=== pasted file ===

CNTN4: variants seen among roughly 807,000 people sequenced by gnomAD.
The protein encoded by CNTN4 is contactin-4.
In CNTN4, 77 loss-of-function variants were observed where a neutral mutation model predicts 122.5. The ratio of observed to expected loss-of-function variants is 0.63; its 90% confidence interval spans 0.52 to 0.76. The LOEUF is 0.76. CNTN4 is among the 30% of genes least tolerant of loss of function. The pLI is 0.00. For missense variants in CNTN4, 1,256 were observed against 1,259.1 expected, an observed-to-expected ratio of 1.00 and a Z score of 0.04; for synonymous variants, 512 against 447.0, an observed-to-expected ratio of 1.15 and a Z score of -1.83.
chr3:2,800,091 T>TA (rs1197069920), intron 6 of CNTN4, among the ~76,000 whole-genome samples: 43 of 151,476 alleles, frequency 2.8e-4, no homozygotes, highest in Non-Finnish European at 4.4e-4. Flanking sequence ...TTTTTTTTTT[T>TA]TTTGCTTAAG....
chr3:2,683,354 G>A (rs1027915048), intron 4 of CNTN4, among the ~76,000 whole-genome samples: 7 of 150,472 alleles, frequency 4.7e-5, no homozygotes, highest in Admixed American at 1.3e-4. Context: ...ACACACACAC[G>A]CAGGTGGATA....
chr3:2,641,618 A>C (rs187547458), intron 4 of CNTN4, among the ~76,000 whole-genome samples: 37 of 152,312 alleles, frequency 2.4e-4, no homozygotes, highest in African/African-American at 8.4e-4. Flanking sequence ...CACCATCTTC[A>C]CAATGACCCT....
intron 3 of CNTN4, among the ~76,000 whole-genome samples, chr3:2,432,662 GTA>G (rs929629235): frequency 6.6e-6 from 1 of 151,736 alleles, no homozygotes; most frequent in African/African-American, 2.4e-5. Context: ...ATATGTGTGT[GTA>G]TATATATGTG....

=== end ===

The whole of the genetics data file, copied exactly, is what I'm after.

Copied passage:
CNTN4: variants seen among roughly 807,000 people sequenced by gnomAD.
The protein encoded by CNTN4 is contactin-4.
In CNTN4, 77 loss-of-function variants were observed where a neutral mutation model predicts 122.5. The ratio of observed to expected loss-of-function variants is 0.63; its 90% confidence interval spans 0.52 to 0.76. The LOEUF is 0.76. CNTN4 is among the 30% of genes least tolerant of loss of function. The pLI is 0.00. For missense variants in CNTN4, 1,256 were observed against 1,259.1 expected, an observed-to-expected ratio of 1.00 and a Z score of 0.04; for synonymous variants, 512 against 447.0, an observed-to-expected ratio of 1.15 and a Z score of -1.83.
chr3:2,800,091 T>TA (rs1197069920), intron 6 of CNTN4, among the ~76,000 whole-genome samples: 43 of 151,476 alleles, frequency 2.8e-4, no homozygotes, highest in Non-Finnish European at 4.4e-4. Flanking sequence ...TTTTTTTTTT[T>TA]TTTGCTTAAG....
chr3:2,683,354 G>A (rs1027915048), intron 4 of CNTN4, among the ~76,000 whole-genome samples: 7 of 150,472 alleles, frequency 4.7e-5, no homozygotes, highest in Admixed American at 1.3e-4. Context: ...ACACACACAC[G>A]CAGGTGGATA....
chr3:2,641,618 A>C (rs187547458), intron 4 of CNTN4, among the ~76,000 whole-genome samples: 37 of 152,312 alleles, frequency 2.4e-4, no homozygotes, highest in African/African-American at 8.4e-4. Flanking sequence ...CACCATCTTC[A>C]CAATGACCCT....
intron 3 of CNTN4, among the ~76,000 whole-genome samples, chr3:2,432,662 GTA>G (rs929629235): frequency 6.6e-6 from 1 of 151,736 alleles, no homozygotes; most frequent in African/African-American, 2.4e-5. Context: ...ATATGTGTGT[GTA>G]TATATATGTG....